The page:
HAVRE DE GRACE, Md. - Annika Sorenstam is mad at Michelle Wie, speaking out in unprecedented-for-Annika fashion about Wie's Ginn Tribute withdrawal, but her own game is subject to more questions than it has ever been heading into the LPGA Championship at Pete Dye's Bulle Rock golf course.
Lorena Ochoa steps onto Pete Dye's beloved Bulle Rock as the most dominant force in women's golf, and the biggest head case. No one - least of all Ochoa herself, apparently - seems confident she is ready to finally win a major and validate her new No. 1 standing.
Michelle Wie ... well, she's coming right out and asking her rabid fans for patience.
Welcome to the LPGA Championship, the tournament where no one has any clue what's going to happen. When the first shot is hit at 7:15 a.m. Thursday, there will be so many questions swirling around this suburban Baltimore golf course that the Riddler is probably a more fitting sponsor than McDonald's.
"It's the most wide-open major I think we've had in years," LPGA vet Michele Redman said.
It's intrigue that the LPGA desperately needs. Commissioner Carolyn Bivens surely hopes the pre-tournament sniping between her biggest stars will attract more eyeballs to more high-def sets.
Sorenstam takes a shot at Wie's "lack of respect and class." Wie fires back, "I don't think I need to apologize for anything." Malice = marketing.
"It's just I played bad and that's what golf is," Wie said of her notorious 16-hole exit from the Annika-hosted Ginn Tribute. "Sometimes you play good and sometimes you play bad."
Even before Wie introduced the world to the 88 rule last week there were rumblings that the LPGA Championship could be the major where she misses the cut.
And she's not exactly conjuring up the confident spirit of Joe Namath, talking at her pre-tournament press conference about how's "lost a lot of distance, lost a lot of clubhead speed" (albeit while "gain[ing] a lot of love for the game").
"I'm letting people know right now that I just want to ask people to have patience," Wie said. "Because I'm not 100 percent right now. I'm going through a hard time. It's my first time facing an injury."
No one's ever doubted Sorenstam's commitment to winning. She's gunning for her fourth LPGA Championship and 11th major. But only a week back from a neck injury, she finds herself a major underdog for the first time in nearly a decade.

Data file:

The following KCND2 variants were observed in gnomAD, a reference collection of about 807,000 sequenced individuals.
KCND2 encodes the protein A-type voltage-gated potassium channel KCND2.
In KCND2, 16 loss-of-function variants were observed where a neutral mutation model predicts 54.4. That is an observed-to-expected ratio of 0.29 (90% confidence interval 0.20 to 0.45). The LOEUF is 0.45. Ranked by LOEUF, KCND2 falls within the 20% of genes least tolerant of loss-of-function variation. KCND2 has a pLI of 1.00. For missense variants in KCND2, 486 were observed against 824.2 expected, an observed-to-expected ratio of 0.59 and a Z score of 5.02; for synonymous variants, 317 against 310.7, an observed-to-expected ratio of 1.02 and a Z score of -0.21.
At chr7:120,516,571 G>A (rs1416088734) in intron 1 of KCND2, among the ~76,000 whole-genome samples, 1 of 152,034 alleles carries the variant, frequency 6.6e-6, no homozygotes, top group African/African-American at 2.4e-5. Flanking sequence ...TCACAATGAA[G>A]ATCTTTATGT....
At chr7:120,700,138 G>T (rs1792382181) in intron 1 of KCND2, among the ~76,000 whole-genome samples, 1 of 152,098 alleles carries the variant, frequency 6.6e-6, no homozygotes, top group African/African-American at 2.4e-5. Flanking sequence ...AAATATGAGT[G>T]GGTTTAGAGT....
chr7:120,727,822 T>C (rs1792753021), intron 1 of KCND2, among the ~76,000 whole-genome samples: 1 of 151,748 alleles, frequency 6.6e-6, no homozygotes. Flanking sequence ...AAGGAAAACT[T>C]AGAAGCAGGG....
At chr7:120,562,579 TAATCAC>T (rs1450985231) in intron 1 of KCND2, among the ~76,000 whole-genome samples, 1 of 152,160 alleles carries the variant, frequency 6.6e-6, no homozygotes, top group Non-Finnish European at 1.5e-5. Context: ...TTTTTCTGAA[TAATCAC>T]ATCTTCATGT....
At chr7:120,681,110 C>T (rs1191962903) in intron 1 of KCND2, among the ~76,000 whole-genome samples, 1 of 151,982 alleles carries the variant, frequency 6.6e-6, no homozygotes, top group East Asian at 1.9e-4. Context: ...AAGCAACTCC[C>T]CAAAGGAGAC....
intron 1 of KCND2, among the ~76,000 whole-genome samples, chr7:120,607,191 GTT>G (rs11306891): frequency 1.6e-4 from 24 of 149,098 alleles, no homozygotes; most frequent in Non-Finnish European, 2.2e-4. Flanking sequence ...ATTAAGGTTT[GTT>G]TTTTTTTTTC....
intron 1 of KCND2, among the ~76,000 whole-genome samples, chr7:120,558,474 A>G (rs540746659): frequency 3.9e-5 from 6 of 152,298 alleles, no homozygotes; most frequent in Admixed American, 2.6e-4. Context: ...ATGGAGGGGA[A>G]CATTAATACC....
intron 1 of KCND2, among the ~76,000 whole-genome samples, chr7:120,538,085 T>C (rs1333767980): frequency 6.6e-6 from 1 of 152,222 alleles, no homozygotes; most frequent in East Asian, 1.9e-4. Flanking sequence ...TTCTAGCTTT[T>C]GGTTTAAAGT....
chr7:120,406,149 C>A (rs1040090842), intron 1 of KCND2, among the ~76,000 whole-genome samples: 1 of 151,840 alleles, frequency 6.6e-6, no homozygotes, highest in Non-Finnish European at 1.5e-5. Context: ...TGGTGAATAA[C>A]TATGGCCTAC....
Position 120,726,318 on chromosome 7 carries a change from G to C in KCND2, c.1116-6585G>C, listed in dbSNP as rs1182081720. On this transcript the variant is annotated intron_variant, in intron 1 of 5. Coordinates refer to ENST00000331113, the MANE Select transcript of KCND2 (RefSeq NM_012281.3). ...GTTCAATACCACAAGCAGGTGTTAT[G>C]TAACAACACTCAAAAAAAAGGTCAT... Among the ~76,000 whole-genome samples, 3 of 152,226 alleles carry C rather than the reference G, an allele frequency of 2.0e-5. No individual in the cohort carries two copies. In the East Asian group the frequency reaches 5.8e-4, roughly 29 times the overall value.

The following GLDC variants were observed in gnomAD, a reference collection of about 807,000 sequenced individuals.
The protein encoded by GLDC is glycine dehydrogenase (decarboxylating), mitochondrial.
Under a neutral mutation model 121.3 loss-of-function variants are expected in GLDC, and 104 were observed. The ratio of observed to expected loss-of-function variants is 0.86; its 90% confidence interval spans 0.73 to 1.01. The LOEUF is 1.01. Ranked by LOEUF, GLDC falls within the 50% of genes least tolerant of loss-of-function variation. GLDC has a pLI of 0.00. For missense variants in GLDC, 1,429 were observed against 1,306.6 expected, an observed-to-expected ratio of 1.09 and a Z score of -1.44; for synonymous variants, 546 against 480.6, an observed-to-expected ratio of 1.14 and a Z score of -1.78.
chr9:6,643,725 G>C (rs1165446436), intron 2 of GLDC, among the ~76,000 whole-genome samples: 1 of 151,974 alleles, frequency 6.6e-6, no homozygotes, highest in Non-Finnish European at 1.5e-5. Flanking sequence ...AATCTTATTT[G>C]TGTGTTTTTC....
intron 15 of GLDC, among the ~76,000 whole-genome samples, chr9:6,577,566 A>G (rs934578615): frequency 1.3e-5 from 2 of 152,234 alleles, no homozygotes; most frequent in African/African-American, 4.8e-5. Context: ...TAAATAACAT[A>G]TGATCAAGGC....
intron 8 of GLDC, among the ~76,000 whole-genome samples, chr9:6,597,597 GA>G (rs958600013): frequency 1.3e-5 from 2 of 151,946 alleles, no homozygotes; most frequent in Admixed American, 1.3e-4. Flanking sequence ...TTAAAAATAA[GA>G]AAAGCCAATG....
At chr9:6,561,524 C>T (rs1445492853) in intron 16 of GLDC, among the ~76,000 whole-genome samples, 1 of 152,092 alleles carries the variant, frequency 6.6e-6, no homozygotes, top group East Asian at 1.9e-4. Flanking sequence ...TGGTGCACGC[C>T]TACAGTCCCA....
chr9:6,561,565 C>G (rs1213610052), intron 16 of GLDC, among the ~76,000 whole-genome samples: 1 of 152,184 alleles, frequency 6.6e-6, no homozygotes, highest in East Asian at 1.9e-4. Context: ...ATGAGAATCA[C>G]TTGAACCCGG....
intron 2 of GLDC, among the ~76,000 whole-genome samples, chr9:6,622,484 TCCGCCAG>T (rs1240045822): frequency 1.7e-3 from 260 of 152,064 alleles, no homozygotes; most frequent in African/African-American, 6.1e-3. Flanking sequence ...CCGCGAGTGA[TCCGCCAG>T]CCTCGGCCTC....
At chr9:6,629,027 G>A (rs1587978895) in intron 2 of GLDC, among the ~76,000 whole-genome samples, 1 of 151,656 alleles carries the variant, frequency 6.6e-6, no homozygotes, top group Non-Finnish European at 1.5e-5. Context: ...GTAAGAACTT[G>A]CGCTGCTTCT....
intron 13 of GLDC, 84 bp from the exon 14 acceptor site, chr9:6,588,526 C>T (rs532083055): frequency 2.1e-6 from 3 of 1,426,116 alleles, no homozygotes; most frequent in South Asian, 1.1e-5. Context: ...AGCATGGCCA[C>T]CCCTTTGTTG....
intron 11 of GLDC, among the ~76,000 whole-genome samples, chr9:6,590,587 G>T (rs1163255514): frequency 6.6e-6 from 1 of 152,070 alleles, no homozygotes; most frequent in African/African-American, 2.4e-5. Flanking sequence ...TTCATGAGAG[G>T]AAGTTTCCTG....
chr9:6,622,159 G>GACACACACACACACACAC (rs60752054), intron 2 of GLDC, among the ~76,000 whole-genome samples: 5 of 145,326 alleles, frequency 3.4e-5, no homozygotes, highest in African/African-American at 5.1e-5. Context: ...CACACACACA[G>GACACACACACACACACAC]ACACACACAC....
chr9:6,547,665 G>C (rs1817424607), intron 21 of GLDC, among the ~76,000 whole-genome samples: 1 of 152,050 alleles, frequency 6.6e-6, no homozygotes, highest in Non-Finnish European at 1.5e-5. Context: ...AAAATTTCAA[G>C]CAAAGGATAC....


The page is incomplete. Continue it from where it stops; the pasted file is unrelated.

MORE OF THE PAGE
Sorenstam acknowledges that she hasn't been able to practice as much as she'd like and telling reporters she feels "quite rusty." Still ...
"Never count me out," she added, "that's what I'm telling you."
Sorenstam does love Bulle Rock and its drivable par 4s, like the dramatic 18th with marsh running along its entire left side. But Ochoa, with two wins and three runner-up finishes this year, clearly loves playing almost anywhere at the moment.
Ochoa declined to handicap the field, except for saying at her press conference that "majors take a little bit more experience."
Meanwhile, as another Wie controversy rages and Ochoa answers questions about another late lead lost just last week, 19-year-old Morgan Pressel, winner of the year's first LPGA major, has been quietly going about her practice at Bulle Rock.
Heck, even Laura Davies, who last won on American soil in 2001, is talking about liking her chances.
Something crazy is going to happen at Bulle Rock. Though probably not that crazy.
June 6, 2007
Chris Baldwin keeps one eye on the PGA Tour and another watching golf vacation hotspots and letting travelers in on the best place to vacation.
Anyone looking back at the final scores of the 2009 Ricoh Women's British Open at Royal Lytham and St. Anne's will almost certainly come to the wrong conclusion that this was a comfortable three-shot win for Catriona Matthew. It was anything but as the seemingly imperturbable Scot struggled to hit a fairway throughout the final round and was only rescued by some superb recovery shots and a bunch of astonishing long putts.
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